Last week, I spoke to a candidate for statewide office who lamented that she hadn’t been able to get out much among the people or keep up on important policy issues because she had to spend all day, every day on the phone, raising money. I also saw a candidate in a hotly contested congressional primary who told me the same thing.
Both know they will have to raise millions to have even a chance of being competitive.
And then there is Martin Brook, who is running in the Democratic congressional primary in the Ninth District, which straddles southern Macomb and Oakland counties.
Brook, a youthful-looking 53, seems remarkably like a clone of a younger Governor Jim Blanchard, which is not surprising, because he’s his nephew. He’s an employment law attorney in Birmingham and still goes to work every day, which is what most guys do who have one son in college and another in high school and a wife who only recently started back to work.
He isn’t a professional politician, but did spend six years on the Bloomfield Hills school board, becoming its president. Brook isn’t spending a lot of time raising money for his race, because he doesn’t plan to spend much – maybe, he told me, a total of $25,000.
He’s running in a race where the other two candidates are Andy Levin, an entrepreneur with past experience in government, and Ellen Cogen Lipton, a highly regarded former legislator. Both are on course to spend more than a million dollars on their primary campaigns.
Every political expert in the state expects that one of the better-known two, probably Levin, will win the primary in what is a safe Democratic district. If they’ve noticed Brook at all, they assume he will get only a few percent of the vote.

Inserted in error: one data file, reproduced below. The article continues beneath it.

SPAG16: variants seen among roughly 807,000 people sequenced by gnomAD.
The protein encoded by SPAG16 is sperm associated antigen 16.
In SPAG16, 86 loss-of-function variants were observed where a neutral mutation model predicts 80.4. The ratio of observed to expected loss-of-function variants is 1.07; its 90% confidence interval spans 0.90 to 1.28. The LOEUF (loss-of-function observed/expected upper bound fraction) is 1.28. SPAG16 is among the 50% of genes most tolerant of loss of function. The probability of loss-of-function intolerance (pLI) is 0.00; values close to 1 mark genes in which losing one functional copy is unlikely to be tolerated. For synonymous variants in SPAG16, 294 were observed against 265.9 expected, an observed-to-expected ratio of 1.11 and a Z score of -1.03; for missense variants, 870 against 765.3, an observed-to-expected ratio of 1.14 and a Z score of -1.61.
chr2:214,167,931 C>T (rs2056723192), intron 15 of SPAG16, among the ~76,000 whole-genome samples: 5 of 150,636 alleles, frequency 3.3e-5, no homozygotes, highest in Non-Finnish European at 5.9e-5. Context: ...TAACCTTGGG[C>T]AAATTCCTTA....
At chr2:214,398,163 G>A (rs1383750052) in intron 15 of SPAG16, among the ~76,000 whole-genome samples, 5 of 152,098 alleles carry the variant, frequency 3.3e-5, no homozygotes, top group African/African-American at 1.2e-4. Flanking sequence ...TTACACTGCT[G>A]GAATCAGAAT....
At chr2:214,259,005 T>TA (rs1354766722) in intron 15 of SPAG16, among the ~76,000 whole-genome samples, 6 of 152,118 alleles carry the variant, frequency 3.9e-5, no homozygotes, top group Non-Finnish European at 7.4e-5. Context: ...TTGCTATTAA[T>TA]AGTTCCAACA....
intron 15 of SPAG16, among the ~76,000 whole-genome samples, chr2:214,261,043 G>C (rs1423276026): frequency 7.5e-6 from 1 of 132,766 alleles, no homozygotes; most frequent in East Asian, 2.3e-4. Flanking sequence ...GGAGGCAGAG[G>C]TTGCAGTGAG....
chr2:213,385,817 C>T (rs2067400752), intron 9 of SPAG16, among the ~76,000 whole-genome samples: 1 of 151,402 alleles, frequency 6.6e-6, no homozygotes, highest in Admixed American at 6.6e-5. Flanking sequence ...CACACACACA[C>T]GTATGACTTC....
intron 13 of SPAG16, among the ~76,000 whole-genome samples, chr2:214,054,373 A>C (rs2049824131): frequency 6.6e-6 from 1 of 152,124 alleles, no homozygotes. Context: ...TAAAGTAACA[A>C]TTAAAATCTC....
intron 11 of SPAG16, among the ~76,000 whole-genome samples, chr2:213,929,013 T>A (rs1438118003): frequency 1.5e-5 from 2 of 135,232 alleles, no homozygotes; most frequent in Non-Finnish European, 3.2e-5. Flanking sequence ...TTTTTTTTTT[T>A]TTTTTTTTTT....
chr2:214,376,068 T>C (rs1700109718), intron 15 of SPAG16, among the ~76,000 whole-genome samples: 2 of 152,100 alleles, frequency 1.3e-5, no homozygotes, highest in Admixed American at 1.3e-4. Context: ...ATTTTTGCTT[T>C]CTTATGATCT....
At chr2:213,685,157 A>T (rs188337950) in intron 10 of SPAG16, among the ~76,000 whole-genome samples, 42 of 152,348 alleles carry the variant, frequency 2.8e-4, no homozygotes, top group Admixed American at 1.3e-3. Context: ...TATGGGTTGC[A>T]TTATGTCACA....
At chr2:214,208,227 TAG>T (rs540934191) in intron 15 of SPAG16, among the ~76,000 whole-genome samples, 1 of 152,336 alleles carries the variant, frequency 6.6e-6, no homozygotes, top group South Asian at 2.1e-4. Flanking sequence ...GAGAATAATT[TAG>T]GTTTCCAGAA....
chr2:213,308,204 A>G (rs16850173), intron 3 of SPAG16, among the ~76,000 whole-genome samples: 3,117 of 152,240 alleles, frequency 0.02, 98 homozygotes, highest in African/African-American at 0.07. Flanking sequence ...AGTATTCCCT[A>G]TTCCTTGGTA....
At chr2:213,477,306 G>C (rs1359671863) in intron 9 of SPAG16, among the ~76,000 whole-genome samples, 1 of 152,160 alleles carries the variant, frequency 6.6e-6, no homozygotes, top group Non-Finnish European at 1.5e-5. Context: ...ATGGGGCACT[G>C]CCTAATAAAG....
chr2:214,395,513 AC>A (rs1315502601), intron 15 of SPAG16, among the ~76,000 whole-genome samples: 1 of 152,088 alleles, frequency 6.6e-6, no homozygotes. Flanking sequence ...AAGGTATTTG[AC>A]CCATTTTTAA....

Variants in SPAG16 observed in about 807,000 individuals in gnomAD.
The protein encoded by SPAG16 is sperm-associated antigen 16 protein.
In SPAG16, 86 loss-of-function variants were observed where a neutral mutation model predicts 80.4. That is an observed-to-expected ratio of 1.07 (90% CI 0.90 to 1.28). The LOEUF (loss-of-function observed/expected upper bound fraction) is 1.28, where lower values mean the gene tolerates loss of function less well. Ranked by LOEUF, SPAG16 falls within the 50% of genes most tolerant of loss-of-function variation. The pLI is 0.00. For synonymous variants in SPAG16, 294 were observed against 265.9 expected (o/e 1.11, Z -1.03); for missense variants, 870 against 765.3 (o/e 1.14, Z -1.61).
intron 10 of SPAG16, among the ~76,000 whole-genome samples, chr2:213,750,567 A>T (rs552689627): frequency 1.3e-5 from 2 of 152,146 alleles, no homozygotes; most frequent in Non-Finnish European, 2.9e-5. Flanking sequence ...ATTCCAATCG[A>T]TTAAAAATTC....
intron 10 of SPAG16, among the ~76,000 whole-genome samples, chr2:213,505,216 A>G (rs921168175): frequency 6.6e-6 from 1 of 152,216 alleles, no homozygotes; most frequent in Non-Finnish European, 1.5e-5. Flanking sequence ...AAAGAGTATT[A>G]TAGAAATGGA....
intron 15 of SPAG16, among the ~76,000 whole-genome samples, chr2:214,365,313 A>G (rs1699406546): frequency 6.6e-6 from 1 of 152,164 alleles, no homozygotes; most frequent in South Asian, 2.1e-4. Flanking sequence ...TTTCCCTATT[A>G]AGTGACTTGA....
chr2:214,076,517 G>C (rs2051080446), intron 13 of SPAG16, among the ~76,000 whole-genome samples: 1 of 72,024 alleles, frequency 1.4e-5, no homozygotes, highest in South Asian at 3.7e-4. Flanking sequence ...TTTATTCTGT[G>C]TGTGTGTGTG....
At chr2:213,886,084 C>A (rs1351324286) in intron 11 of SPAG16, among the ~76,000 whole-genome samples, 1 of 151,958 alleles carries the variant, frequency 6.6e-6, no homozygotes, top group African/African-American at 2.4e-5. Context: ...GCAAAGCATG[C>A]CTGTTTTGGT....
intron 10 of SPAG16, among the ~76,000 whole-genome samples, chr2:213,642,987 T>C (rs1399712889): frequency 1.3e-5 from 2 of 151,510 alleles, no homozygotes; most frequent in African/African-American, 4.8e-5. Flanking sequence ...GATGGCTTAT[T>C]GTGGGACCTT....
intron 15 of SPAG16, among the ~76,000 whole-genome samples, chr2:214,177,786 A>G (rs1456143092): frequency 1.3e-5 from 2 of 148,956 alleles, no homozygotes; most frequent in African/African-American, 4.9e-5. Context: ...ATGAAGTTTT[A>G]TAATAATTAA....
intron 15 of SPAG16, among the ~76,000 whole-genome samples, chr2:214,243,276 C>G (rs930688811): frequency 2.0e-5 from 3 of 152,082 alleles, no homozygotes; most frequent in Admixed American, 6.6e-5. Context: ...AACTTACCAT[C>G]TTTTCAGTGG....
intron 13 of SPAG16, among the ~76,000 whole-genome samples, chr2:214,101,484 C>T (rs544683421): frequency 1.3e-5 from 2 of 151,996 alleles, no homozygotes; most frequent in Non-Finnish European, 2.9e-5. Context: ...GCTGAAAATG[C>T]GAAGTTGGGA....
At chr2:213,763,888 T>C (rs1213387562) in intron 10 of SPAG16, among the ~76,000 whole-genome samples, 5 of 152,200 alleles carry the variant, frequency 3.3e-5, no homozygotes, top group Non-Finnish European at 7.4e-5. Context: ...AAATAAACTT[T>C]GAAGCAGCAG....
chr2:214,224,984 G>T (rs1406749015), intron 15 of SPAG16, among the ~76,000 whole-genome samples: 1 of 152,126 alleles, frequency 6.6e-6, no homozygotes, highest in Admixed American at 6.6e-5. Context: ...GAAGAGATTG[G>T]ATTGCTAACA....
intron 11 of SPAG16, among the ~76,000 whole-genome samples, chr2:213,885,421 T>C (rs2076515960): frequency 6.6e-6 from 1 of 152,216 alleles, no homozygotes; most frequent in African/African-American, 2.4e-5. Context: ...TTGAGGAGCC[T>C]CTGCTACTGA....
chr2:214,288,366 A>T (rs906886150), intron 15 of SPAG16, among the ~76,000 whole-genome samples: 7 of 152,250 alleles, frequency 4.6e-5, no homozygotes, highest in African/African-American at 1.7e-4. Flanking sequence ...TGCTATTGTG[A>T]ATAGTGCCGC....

Everything I know about politics tells me that’s probably right. Yet Martin Brook has a message that is worth thinking about. “I’m running to break the power of money in campaigns,” he told me. “That’s what is destroying our system. That’s what keeps congressmen from casting the tough votes needed to make real change. They are very good at winning reelection and bad at policy, at adopting policies the country needs.”
Brook thinks that if somehow he can win, it will send a signal that it is possible to break the power of money over our government. “That’s what keeps people like you and me out of the ‘political-industrial’ complex. It is time to return to politics that benefit the many, not the few,” he tells audiences at what he calls “friendraisers,” instead of fund-raisers.
Were he to get to Congress, he said he’d like to concentrate on the three Es—education, economy and the environment. He thinks that he would be able to reach across party lines and find it easier to craft bipartisan solutions, “grand ideas that move the country forward.”
He’d plan to serve no more than about a decade, saying, “By that time I’d have either moved my ideas forward or proven myself ineffective.”
What he is saying sounds hopelessly idealistic, and it probably is. And yet, I imagine he’s much closer to the type of person the founding fathers imagined going to Congress than most of those today who are actually there.
Jack Lessenberry is Michigan Radio’s Senior Political Analyst. Views expressed in his essays are his own and do not necessarily reflect those of Michigan Radio, its management or the station licensee, The University of Michigan.